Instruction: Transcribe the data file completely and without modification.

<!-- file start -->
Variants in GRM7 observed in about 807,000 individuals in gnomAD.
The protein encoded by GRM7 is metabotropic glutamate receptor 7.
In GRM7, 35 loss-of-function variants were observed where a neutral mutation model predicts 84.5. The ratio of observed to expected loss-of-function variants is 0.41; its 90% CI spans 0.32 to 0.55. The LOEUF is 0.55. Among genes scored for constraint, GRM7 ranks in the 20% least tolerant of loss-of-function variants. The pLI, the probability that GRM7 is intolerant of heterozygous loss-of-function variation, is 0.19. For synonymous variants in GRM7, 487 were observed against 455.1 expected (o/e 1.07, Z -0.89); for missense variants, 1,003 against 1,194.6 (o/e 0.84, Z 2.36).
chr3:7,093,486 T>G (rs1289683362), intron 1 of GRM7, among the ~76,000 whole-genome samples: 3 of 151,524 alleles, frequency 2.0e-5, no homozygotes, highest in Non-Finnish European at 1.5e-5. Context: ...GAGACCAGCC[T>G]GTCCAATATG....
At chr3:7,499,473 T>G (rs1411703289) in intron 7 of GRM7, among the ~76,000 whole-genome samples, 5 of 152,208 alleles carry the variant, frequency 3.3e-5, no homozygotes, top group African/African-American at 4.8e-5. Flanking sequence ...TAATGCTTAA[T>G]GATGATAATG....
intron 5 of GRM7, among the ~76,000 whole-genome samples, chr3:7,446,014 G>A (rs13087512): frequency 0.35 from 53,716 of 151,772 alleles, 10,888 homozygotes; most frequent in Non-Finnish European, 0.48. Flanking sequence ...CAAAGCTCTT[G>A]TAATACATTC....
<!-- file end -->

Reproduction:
Variants in GRM7 observed in about 807,000 individuals in gnomAD.
The protein encoded by GRM7 is metabotropic glutamate receptor 7.
In GRM7, 35 loss-of-function variants were observed where a neutral mutation model predicts 84.5. The ratio of observed to expected loss-of-function variants is 0.41; its 90% CI spans 0.32 to 0.55. The LOEUF is 0.55. Among genes scored for constraint, GRM7 ranks in the 20% least tolerant of loss-of-function variants. The pLI, the probability that GRM7 is intolerant of heterozygous loss-of-function variation, is 0.19. For synonymous variants in GRM7, 487 were observed against 455.1 expected (o/e 1.07, Z -0.89); for missense variants, 1,003 against 1,194.6 (o/e 0.84, Z 2.36).
chr3:7,093,486 T>G (rs1289683362), intron 1 of GRM7, among the ~76,000 whole-genome samples: 3 of 151,524 alleles, frequency 2.0e-5, no homozygotes, highest in Non-Finnish European at 1.5e-5. Context: ...GAGACCAGCC[T>G]GTCCAATATG....
At chr3:7,499,473 T>G (rs1411703289) in intron 7 of GRM7, among the ~76,000 whole-genome samples, 5 of 152,208 alleles carry the variant, frequency 3.3e-5, no homozygotes, top group African/African-American at 4.8e-5. Flanking sequence ...TAATGCTTAA[T>G]GATGATAATG....
intron 5 of GRM7, among the ~76,000 whole-genome samples, chr3:7,446,014 G>A (rs13087512): frequency 0.35 from 53,716 of 151,772 alleles, 10,888 homozygotes; most frequent in Non-Finnish European, 0.48. Flanking sequence ...CAAAGCTCTT[G>A]TAATACATTC....